He explained that KnomeBase's structuring capabilities let users compare genomes without regard to the sequencing platform used and at scale since the tool is available on the cloud.
This makes it possible for "a researcher doing the 1000 Genomes study, for example, [to] take our technology and compare subgroups of those 1,000 genomes to basically test hypothesis," he said.
Furthermore, "we haven’t seen anyone else out there who has taken a very careful and comprehensive view on integrating and reconciling all of the information that’s out there," Conde said.
"If you are going to be in the genome interpretation business, it's very important to be able to offer a user, in very clear and comprehensive context, what's currently known about the genome," he said. "That goes for everything from being able to define where the genes are to being able to say which variants have been associated in the clinical literature with the specific phenotype to being able to say which genes fall within a particular pathway or a particular set of gene families."
A final point, Conde said, is that Knome's tools were built for non-expert users. He said this sets the company's software apart from GenomeQuest, which offers "great workbenches and workflows" that are suitable for bioinformaticians, but not end users.
A newcomer to the molecular diagnostics space and the software market in general is La Jolla, Calif.-based Cypher Genomics.
The five-person company, which spun out of the Scripps Translational Science Institute, Scripps Health, and the Scripps Research Institute, was tapped to clinically annotate 1,000 human genomes sequenced as part of the Wellderly study — a collaborative project between Complete Genomics and the Scripps Health System (BI 10/7/2011).
Nicholas Schork, director of STSI's bioinformatics and biostatistics division, told BioInform that the company was launched to commercialize an annotation pipeline that includes tools its founders developed to predict the impacts of variations in the genome.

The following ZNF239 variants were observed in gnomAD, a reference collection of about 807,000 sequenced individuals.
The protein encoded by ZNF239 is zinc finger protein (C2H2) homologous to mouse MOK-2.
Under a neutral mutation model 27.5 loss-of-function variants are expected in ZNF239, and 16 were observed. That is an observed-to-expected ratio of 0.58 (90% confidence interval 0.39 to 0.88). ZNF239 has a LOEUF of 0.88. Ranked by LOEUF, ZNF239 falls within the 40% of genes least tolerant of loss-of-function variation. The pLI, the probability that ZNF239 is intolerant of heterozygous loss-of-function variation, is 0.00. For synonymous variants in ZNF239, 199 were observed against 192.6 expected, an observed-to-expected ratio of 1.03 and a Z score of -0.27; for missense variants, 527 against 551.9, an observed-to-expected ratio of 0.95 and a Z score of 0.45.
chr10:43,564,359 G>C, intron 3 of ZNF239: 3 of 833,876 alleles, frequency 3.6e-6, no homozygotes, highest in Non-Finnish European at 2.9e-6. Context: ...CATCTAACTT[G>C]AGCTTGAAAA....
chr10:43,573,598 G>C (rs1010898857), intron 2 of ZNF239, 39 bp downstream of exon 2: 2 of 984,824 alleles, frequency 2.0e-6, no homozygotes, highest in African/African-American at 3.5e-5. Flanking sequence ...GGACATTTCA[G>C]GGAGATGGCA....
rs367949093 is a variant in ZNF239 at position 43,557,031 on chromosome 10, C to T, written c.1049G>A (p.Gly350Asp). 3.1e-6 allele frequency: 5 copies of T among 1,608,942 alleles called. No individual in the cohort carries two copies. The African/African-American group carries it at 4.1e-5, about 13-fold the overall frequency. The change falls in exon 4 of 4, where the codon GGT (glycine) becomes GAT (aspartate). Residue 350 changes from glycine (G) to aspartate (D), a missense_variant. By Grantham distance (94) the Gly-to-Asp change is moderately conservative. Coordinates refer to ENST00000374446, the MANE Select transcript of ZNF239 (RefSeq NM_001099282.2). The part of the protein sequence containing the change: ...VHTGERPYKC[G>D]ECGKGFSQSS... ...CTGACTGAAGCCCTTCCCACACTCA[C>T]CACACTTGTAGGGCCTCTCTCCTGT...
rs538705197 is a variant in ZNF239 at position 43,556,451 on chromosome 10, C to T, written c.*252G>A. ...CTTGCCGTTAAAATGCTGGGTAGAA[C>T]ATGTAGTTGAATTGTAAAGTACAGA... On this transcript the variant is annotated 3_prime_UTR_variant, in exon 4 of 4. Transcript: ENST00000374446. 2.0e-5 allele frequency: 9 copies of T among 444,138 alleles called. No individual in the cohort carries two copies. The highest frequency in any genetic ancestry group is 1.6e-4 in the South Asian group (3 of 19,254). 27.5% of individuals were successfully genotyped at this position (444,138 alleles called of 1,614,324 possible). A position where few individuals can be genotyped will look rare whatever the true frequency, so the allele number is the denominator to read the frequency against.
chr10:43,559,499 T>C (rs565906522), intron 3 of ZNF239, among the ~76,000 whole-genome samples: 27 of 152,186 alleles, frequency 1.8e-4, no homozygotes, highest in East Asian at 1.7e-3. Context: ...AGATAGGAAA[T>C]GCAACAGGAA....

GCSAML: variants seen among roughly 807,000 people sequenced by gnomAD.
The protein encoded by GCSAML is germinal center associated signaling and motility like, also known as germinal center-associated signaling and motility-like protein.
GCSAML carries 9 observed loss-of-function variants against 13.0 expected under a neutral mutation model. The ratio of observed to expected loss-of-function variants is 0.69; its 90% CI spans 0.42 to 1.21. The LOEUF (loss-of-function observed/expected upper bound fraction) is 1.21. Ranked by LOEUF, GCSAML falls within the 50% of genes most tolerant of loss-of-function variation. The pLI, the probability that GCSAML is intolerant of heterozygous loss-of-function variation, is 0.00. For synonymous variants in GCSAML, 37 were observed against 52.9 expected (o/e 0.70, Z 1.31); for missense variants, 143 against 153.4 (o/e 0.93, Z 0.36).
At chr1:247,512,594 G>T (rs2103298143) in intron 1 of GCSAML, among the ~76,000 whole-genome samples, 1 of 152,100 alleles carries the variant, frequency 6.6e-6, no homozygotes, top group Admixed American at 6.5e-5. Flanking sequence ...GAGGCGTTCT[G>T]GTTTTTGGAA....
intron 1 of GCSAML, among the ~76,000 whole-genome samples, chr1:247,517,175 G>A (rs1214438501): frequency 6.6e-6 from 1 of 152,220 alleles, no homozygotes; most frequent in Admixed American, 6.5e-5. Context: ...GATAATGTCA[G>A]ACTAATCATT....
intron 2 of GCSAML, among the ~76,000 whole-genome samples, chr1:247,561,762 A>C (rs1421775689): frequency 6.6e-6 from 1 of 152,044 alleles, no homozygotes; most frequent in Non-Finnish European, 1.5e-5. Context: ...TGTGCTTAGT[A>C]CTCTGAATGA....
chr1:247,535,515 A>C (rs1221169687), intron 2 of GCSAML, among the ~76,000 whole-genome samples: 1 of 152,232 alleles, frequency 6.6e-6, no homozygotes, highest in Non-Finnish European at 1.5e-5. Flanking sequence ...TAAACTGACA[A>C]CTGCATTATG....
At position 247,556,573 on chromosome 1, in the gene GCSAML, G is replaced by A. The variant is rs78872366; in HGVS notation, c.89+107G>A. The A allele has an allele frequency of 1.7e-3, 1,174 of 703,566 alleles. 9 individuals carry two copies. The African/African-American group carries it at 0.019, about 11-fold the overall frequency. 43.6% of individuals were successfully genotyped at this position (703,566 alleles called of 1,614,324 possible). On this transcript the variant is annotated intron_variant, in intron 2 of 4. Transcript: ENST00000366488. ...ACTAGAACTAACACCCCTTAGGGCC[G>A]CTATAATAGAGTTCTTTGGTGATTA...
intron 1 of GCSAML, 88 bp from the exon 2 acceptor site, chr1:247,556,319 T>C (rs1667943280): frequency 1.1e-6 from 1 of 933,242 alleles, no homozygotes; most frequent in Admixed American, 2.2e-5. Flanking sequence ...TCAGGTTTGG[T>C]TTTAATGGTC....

Cypher's tools are used to interpret and analyze genomic data for disease risk assessment and forensic purposes. The pipeline includes computational tools to interrogate the molecular effects of sequence variation; and consolidate disease risk and phenotype expression information for individual genomic health profile reporting.
These tools can be used to predict whether a variant located in a transcription factor binding site would have an impact on its function, for example, Schork said. Additionally, users can explore how variants in specific genes might perturb the functions of the pathways they participate in. This information is then used to predict which mutations in the genome might be pathogenic, he said.
"Our business model is basically to sell annotations," he said, adding that the company plans to do this by forming partnerships with whole-genome sequencing service providers that work with clinical and research groups, where Cypher would provide variant annotation as part of the service for customers.
In line with this plan, he said the firm is currently holding discussions with a number of sequencing service providers as well as some "clinical entities" about their need for annotation services, although he declined to state who they are.
Additionally, the company is open to working directly with researchers who have the sequence data and are looking for help with the annotation, he said.
"Our tools go a little bit beyond what groups like 23andMe and Navigenics" provide, he said.